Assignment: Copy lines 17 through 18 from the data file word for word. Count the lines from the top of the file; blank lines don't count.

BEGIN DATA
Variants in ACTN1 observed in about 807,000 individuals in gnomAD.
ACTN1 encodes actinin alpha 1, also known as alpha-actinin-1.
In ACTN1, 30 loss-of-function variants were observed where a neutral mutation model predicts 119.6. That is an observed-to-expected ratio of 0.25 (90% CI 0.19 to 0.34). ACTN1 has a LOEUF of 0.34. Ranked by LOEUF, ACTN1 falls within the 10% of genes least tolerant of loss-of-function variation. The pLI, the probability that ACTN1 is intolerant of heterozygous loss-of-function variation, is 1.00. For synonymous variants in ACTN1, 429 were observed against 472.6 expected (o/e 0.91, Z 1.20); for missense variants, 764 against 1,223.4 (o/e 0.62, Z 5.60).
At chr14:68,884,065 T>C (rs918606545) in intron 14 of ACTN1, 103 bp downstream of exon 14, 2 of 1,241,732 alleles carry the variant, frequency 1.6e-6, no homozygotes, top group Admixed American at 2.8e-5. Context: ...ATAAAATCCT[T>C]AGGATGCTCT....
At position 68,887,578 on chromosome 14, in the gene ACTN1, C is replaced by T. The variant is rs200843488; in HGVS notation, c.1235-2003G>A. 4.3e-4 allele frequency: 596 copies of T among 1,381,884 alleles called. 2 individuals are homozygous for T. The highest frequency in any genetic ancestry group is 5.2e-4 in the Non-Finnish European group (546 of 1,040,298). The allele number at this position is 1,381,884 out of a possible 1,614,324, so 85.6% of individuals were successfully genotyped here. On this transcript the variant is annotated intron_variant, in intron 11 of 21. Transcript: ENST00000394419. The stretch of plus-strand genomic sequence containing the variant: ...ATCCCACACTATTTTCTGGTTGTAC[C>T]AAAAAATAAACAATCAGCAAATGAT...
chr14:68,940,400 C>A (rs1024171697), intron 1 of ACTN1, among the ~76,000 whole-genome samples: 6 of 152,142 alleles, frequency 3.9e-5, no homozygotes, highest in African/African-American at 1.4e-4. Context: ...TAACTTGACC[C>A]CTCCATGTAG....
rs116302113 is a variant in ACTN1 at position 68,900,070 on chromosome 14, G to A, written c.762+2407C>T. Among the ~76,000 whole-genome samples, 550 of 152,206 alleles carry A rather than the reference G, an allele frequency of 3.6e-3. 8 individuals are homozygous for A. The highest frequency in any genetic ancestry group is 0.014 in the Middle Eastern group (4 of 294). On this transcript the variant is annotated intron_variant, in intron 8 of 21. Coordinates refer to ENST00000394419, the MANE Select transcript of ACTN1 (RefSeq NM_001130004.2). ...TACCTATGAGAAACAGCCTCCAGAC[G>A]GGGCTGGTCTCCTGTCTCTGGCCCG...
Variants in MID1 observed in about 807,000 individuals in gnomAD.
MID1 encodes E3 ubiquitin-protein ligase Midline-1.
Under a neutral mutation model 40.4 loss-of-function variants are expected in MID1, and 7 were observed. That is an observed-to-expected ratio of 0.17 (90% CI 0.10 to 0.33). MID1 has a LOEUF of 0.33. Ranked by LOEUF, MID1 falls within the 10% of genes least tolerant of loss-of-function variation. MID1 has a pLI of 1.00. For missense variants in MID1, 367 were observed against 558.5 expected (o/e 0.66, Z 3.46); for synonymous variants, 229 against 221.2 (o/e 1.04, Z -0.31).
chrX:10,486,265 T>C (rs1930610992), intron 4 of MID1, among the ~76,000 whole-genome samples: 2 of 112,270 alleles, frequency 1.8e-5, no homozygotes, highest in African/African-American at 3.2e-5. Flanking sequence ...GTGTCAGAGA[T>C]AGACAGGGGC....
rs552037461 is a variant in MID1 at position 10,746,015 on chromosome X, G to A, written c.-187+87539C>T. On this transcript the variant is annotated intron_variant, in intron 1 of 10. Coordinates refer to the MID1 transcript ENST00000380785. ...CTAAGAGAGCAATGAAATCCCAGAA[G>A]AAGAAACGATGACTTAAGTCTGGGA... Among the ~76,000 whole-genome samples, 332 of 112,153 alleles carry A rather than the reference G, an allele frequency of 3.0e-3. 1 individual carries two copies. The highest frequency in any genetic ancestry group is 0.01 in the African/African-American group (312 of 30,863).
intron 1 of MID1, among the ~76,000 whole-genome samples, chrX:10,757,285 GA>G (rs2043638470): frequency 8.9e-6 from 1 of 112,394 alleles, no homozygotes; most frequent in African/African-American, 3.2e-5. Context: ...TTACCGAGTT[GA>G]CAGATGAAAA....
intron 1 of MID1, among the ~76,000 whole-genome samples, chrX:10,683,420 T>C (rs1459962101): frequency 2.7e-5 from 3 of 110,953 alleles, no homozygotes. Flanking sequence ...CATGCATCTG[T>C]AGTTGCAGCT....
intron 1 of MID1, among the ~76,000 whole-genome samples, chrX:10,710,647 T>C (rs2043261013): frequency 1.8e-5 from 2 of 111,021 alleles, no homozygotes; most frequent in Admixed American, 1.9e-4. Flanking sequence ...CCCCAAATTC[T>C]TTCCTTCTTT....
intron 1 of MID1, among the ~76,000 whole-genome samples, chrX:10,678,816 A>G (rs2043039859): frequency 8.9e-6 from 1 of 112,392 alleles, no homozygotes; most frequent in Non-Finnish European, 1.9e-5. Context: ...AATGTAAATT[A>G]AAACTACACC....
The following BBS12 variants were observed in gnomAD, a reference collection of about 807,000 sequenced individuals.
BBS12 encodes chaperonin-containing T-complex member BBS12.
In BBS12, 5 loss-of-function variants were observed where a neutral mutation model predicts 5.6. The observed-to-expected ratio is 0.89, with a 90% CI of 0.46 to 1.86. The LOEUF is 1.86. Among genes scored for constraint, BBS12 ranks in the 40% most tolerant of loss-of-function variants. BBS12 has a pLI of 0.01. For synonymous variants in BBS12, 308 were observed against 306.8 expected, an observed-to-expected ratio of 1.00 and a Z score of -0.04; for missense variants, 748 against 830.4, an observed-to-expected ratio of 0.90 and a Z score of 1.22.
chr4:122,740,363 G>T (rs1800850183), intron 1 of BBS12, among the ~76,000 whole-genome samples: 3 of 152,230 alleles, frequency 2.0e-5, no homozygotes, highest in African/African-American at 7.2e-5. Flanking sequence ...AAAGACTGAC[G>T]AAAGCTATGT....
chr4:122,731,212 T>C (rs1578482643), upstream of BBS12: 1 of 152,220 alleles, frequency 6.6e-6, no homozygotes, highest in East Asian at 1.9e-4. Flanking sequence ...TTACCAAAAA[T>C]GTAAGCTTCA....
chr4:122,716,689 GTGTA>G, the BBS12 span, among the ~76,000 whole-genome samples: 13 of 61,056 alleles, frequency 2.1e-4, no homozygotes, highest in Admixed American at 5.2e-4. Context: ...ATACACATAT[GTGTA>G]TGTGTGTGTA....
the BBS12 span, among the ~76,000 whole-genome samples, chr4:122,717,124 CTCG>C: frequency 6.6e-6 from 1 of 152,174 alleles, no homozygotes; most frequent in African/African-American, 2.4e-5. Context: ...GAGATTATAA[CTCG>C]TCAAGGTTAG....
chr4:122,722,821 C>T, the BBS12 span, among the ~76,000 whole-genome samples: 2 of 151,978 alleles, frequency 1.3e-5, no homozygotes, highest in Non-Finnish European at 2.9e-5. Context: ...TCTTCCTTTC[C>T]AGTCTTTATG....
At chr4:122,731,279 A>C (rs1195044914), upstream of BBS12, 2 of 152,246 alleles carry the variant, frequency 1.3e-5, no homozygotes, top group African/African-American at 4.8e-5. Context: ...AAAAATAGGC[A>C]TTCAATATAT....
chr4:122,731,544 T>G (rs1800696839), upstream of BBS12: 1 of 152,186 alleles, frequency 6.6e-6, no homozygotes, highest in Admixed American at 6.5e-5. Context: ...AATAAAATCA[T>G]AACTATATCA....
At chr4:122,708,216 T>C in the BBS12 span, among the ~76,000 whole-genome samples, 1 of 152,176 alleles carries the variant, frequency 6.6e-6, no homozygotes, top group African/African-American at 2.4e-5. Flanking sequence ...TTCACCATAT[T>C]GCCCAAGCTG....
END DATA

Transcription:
The following BBS12 variants were observed in gnomAD, a reference collection of about 807,000 sequenced individuals.
BBS12 encodes chaperonin-containing T-complex member BBS12.